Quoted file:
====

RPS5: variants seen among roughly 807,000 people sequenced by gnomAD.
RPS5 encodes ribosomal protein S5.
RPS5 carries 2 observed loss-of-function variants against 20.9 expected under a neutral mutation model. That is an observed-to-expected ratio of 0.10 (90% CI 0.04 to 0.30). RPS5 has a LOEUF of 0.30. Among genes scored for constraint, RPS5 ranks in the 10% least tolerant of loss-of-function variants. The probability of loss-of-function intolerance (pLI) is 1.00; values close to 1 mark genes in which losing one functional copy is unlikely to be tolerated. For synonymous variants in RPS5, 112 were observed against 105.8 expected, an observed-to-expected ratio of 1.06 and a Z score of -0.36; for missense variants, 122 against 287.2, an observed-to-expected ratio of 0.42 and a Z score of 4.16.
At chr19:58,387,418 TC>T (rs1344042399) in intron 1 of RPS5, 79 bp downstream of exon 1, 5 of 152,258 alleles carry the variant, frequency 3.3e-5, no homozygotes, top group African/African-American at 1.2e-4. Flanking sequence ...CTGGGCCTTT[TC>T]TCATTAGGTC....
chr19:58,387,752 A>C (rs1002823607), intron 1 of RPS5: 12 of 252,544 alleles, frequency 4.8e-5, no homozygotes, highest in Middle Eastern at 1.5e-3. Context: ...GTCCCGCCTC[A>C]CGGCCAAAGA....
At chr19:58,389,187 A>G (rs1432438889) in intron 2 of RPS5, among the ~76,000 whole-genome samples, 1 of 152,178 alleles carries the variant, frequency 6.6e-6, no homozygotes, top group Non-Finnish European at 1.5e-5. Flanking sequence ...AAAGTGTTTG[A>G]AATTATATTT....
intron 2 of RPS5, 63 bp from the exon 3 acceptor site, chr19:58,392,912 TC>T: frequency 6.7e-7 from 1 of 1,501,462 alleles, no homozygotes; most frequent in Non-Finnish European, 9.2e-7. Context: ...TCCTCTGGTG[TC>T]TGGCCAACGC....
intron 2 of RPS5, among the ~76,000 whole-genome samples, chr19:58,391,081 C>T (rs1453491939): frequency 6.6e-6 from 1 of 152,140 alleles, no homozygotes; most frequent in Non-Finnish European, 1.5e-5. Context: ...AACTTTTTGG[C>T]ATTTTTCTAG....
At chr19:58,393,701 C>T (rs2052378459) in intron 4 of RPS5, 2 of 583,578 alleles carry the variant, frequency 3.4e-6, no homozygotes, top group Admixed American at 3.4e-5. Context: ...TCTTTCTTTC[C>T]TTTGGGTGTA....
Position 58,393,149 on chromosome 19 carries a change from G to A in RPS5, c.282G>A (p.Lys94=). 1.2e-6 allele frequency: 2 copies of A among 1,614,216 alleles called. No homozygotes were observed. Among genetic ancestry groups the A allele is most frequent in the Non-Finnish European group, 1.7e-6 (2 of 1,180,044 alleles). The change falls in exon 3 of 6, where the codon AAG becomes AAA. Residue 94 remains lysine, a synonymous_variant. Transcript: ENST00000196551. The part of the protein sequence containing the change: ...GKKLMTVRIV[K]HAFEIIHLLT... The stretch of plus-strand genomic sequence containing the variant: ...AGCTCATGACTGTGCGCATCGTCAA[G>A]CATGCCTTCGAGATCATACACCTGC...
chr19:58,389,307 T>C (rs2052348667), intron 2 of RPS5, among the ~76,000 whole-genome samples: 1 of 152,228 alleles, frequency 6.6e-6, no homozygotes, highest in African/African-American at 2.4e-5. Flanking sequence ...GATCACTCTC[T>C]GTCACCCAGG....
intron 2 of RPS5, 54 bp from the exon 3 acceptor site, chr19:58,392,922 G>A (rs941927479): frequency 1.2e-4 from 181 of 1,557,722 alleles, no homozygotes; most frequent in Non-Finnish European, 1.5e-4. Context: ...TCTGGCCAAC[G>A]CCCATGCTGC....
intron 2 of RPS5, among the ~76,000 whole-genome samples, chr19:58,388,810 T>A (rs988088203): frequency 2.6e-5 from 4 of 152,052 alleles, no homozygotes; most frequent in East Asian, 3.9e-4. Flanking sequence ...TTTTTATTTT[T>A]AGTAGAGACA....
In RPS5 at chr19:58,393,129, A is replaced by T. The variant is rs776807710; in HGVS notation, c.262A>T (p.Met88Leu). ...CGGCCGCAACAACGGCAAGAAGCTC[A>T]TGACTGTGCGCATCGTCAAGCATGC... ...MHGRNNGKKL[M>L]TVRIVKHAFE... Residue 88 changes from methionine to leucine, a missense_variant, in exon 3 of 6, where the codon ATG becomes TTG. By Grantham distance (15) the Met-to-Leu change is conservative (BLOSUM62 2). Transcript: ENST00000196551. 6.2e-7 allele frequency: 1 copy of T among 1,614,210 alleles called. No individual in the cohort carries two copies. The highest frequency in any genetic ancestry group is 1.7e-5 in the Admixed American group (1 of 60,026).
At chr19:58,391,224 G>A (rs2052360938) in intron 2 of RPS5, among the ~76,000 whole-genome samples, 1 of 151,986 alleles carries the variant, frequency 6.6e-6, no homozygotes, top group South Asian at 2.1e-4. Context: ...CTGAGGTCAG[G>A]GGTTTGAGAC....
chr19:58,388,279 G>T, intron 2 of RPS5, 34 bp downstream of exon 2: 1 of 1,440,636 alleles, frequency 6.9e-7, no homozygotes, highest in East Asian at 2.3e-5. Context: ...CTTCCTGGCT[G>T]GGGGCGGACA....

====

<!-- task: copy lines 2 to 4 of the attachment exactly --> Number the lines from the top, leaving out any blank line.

RPS5 encodes ribosomal protein S5.
RPS5 carries 2 observed loss-of-function variants against 20.9 expected under a neutral mutation model. That is an observed-to-expected ratio of 0.10 (90% CI 0.04 to 0.30). RPS5 has a LOEUF of 0.30. Among genes scored for constraint, RPS5 ranks in the 10% least tolerant of loss-of-function variants. The probability of loss-of-function intolerance (pLI) is 1.00; values close to 1 mark genes in which losing one functional copy is unlikely to be tolerated. For synonymous variants in RPS5, 112 were observed against 105.8 expected, an observed-to-expected ratio of 1.06 and a Z score of -0.36; for missense variants, 122 against 287.2, an observed-to-expected ratio of 0.42 and a Z score of 4.16.
At chr19:58,387,418 TC>T (rs1344042399) in intron 1 of RPS5, 79 bp downstream of exon 1, 5 of 152,258 alleles carry the variant, frequency 3.3e-5, no homozygotes, top group African/African-American at 1.2e-4. Flanking sequence ...CTGGGCCTTT[TC>T]TCATTAGGTC....